“But government must be limited, because not all members of government are angels,” Furrier added.

The rise of independents

“I joined the RTC at one point, but for a number of reasons I didn’t feel at home with them. It wasn’t hard feelings, ”Furrier said. “Then this thing called the Newtown Independent Party happened.”

Furrier said IPN was created in 2007 by residents concerned about school expenses and the proposed addition of a secondary school.

“I definitely agreed that we needed to build the high school addition, but it certainly wasn’t in the camp that thought we had to increase school spending all the time,” he said.

Furrier said the high school was at risk of being put on academic probation due to overcrowding as the town spent money planning the future of the Fairfield Hills property. He said he also believes the first manager has too much control over the latter issue.

“Not to say that I did not trust the first coach,” he explained. “It was too much power in too few hands.”

Furrier said the IPN candidates won numerous city council seats in 2007 and 2009, when Bruce Walczak ran for the first selectman and Furrier was his running mate. Although Walczak did not win, Furrier garnered enough votes to become a manager.

“Republicans and Democrats realized there was a gap in what they provided and what people voted for,” Furrier said of the rise of the Newtown Independent Party. “Under Pat Llodra, they addressed these issues. In 2011, we had finished.

Furrier ran for the first selectman in 2011, but lost to Patricia Llodra, a Republican.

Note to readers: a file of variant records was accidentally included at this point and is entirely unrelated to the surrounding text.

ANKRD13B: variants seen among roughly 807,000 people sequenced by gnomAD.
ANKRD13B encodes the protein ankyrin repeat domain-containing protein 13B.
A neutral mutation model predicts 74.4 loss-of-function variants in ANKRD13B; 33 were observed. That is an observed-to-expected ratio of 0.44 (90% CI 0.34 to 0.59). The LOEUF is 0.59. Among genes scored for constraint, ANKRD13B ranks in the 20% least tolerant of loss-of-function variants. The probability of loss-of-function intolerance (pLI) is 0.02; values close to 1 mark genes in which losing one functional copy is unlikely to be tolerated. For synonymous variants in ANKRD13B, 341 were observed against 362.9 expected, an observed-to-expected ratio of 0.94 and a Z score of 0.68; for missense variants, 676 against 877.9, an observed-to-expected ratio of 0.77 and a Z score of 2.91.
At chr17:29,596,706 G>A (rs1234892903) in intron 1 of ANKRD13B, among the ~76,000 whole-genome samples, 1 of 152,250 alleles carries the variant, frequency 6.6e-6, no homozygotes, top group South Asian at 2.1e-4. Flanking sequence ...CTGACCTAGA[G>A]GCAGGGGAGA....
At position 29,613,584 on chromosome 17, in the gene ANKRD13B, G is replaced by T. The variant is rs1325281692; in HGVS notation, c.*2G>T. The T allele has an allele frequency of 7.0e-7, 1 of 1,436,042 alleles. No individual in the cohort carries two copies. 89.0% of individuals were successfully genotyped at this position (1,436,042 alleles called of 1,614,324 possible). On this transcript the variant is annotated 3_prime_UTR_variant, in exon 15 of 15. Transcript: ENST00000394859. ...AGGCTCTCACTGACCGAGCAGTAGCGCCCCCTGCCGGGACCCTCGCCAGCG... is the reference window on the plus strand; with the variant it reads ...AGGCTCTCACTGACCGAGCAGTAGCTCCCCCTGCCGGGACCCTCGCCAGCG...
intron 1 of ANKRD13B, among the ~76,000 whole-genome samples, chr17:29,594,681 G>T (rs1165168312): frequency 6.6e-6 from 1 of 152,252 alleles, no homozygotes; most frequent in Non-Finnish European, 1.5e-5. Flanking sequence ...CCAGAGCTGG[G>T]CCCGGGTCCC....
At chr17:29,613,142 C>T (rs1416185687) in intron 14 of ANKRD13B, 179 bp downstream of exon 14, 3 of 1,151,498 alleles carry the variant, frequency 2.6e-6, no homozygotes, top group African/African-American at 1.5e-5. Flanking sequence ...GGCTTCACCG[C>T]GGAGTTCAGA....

“It took a lot of energy from me,” he said. “I thought, ‘I’m done with politics.'”

Back on the country trail

Bill Furrier’s dogs, left to right, Rocco and Sparky, run through the snow. He also has a cat named Silas.

Following the resignation of State Representative JP Sredzinski (R-112e) last month, Furrier received a phone call from Walczak.

“He said, ‘You’re in this neighborhood. Do you want to run? », Remembers Furrier. “I said yeah. Then I thought, “I don’t want to run”. I didn’t know JP had resigned and thought he was talking about the next election. I didn’t want to run against him.

After realizing that Sredzinski had resigned, Furrier changed his mind.

“I started to think about why I would like to run,” said Furrier. “I firmly believe that Connecticut should be open.”

Furrier said he firmly believes that a lawmaker should represent the wishes of constituents in the district, unless it is something that violates your conscience.

As an independent, Furrier said he would be able to advocate for what is best for the district without being beholden to the Republican and Democratic parties.

“I’m going to go anyway, I think it’s fine,” he said.

Furrier said Connecticut appears to have a one-party regime in Hartford with the Democratic Party majority, while being what Forbes financially defines as a “death spiral state.”

At the same time, Monroe and Newtown aren’t getting as high a return as cities should for the money they send to the state in taxes, especially on education, according to Furrier.

“In the 112th arrondissement, we have always had a representative looking for more shares, and I would like to think that the three candidates will continue this tradition,” he said, adding with a smile, “with me, more is always better. “